To achieve such quality and technicality of deliverables at building completion, it is essential that all the necessary information needed by the future operator and FM team of the building is correctly identified and transmitted into the relevant project documentation during design and construction. Support for this complex task can be found in documents such as BG 6/2018 Design Framework for Building Services 5th Edition and BG 54/2018 Soft Landings Framework 2018.
Use of digital twins allows for scenarios to be run in a virtual space to gauge the effect in the physical space. Reliable results can be obtained for security, efficiency, environmental and financial scenarios, to name but a few.
 Virtual reality (VR)
VR can be used to visualise buildings and sites in real-time 3D. As well as a useful design tool, VR can assist facilities managers with maintenance planning. For example, VR walk-throughs can be used to identify locations that require less frequent cleaning, thereby reducing the use of water and cleaning chemicals.
The use of VR can also reduce the need for travelling to sites or preparing engineers to attend site ensuring they have all the necessary equipment and permits to do the work as safely and efficiently as practicable.
 Augmented reality (AR)
AR can be used to enhance the human performance and bridge the skills gap. When combined with artificial intelligence and other smart systems, a very powerful solution can be provided. For example, an air handling unit that is performing poorly could analyse itself, recognise that its filters are becoming clogged (thus requiring more energy to provide required air quality levels or thermal comfort) and order some new filters. It could then alert a human to the arrival of these filters by generating a work order, that lists what tools are required. It can then lead the human to the exact location even on an unfamiliar site and highlight on the actual machine what procedure is required to access and change the filters in the manufacturer-recommended way. This allows a mechanically sympathetic, trained human to work on unfamiliar equipment with the same or higher level of efficiency as people who have been in a building since leaving school and who are now nearing retirement.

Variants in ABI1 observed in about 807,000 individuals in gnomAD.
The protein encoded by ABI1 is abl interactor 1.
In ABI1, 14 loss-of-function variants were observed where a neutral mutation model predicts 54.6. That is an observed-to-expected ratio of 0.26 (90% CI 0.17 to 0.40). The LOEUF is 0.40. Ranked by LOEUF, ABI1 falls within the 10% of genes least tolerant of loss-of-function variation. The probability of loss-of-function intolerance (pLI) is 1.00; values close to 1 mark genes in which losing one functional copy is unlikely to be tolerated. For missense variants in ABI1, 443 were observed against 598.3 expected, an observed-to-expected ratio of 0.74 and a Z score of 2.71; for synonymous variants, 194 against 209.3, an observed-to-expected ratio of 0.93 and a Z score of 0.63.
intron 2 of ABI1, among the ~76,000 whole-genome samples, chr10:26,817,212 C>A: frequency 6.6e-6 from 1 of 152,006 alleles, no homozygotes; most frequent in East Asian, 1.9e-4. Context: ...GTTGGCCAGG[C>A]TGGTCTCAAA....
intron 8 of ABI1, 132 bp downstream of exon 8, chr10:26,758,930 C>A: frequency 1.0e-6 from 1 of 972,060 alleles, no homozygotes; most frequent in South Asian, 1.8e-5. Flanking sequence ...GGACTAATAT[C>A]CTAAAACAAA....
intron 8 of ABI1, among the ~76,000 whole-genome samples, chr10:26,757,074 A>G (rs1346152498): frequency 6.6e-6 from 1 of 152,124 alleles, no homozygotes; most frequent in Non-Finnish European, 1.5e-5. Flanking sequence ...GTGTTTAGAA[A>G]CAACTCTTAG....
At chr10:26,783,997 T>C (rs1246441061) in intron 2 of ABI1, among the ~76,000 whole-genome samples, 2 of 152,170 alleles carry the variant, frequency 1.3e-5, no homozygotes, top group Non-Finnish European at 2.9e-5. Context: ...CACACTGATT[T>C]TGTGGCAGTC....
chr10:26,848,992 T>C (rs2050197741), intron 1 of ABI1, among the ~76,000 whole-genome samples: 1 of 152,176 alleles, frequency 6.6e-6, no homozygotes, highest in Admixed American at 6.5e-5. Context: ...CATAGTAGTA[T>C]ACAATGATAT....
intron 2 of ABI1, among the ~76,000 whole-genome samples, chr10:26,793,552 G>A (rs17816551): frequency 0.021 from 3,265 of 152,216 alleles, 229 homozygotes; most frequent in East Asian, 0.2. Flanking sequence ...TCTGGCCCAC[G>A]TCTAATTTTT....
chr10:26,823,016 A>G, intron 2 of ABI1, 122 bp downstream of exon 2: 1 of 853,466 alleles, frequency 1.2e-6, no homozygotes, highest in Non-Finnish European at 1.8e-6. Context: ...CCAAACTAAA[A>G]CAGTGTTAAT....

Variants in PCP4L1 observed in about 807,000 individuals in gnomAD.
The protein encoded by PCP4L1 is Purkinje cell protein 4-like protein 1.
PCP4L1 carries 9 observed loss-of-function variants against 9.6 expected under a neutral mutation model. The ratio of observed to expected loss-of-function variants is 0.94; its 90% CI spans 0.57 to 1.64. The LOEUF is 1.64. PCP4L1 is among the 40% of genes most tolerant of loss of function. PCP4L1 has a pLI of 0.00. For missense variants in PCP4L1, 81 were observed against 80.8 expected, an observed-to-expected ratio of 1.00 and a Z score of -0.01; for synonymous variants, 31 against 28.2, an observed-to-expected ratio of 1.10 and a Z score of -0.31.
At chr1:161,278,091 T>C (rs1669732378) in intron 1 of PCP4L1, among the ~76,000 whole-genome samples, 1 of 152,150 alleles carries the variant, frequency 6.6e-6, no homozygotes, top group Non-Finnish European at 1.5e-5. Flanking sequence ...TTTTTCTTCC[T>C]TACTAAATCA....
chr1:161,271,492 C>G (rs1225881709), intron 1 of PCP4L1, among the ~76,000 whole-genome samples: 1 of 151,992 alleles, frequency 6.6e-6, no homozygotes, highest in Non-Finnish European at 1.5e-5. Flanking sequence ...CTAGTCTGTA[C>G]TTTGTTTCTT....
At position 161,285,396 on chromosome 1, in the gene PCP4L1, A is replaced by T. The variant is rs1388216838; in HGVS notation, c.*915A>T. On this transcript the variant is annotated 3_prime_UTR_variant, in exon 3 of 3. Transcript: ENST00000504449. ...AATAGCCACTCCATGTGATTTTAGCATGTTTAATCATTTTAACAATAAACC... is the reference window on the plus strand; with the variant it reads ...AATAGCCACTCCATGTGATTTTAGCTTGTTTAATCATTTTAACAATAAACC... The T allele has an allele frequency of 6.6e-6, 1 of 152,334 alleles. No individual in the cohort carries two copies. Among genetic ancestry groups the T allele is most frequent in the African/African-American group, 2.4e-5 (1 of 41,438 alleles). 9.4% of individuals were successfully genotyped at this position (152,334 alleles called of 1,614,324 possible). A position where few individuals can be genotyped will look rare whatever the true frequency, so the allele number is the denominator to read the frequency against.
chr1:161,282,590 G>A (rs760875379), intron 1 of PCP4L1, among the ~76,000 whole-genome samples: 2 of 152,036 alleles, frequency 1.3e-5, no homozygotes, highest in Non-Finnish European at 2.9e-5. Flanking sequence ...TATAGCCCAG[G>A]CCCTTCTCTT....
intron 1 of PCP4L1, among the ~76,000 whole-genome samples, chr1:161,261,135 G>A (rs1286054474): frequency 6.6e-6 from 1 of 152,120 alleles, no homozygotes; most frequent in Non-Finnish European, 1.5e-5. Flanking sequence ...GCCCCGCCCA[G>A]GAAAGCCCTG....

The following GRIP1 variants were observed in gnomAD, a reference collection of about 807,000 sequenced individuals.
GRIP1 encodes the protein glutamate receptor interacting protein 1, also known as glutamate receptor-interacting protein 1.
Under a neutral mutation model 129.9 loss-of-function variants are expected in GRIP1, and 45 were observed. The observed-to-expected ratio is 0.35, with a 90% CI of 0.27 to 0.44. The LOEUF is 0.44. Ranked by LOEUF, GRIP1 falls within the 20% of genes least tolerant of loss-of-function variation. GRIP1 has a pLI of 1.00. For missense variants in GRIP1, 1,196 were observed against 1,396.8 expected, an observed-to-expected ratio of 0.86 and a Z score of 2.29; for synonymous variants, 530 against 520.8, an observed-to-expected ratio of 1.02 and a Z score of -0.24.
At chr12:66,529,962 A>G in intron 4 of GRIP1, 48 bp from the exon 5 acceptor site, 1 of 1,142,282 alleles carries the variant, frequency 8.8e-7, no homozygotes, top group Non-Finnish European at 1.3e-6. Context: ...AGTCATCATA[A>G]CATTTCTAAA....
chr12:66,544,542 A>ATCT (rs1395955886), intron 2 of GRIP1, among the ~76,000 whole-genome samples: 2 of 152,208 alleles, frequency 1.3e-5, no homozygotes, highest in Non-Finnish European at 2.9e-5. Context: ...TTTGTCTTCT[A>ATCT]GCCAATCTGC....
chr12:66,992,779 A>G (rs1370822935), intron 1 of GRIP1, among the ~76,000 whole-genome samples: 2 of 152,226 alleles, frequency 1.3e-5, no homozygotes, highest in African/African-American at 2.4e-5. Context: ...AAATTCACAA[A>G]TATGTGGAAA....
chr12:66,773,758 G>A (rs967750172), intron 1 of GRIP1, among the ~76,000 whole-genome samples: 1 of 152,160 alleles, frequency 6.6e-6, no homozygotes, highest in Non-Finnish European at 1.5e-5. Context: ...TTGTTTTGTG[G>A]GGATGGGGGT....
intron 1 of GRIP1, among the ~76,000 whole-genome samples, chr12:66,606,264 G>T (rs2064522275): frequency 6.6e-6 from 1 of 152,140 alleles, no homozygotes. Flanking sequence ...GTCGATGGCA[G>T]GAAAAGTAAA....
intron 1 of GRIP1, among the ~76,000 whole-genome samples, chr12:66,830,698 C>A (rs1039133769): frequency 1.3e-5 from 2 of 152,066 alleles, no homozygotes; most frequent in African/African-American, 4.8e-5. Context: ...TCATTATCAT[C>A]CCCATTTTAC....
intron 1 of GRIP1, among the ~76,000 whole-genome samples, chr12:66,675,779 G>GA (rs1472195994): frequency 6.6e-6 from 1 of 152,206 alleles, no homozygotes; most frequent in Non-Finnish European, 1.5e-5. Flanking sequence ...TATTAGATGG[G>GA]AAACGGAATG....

Robotics is a field that is now starting to find applications in the operation and maintenance of buildings and sites. Robotic lawnmowers are now commonplace, and unmanned aerial vehicles (UAVs — better known as drones) are used for site surveys and inspections. Robotic crawlers can be used for inspection of sewer pipes, identifying leaks, blockages and misconnections before they cause pollution incidents.
Robots may soon be available for carrying out routine cleaning and inspection/maintenance tasks in dangerous or hard-to-reach areas, reducing the need for maintenance engineers to access those locations.
 Tech's potential contributions to operations
The above examples of technology applications in building and building services operations carry the potential to improve quality, security and cost effectiveness in buildings’ operational and maintenance practices. Some technologies stated above require higher skilled staff than the others, some are more CAPEX heavy than others. Each organisation needs to assess their own cost/benefit ratio.
Most new technology related benefits are achieved when new solutions are adopted with a well understood purpose, are simple to navigate, simple to store, simple to retrieve and simple to update. There is, however, the age-old adage that the information that can be received from the digitally operated systems will only ever be as good as the information that is put into it in the first place. Therefore, the need for solid, verified and thus reliable documentation related to the buildings operational assets and systems is absolutely essential.
This article originally appeared on the BSRIA website under the headline, "Information for today’s 'buildings of tomorrow'." It was written by Nick Blake, BSRIA Principle FM Consultant, and published in November 2020.
 Related articles on Designing Buildings Wiki
- Augmented reality.
- BSRIA articles on Designing Buildings Wiki.
- Digital information.
- Digital twin.
- Facilities management.
- Smart buildings.
- Virtual reality.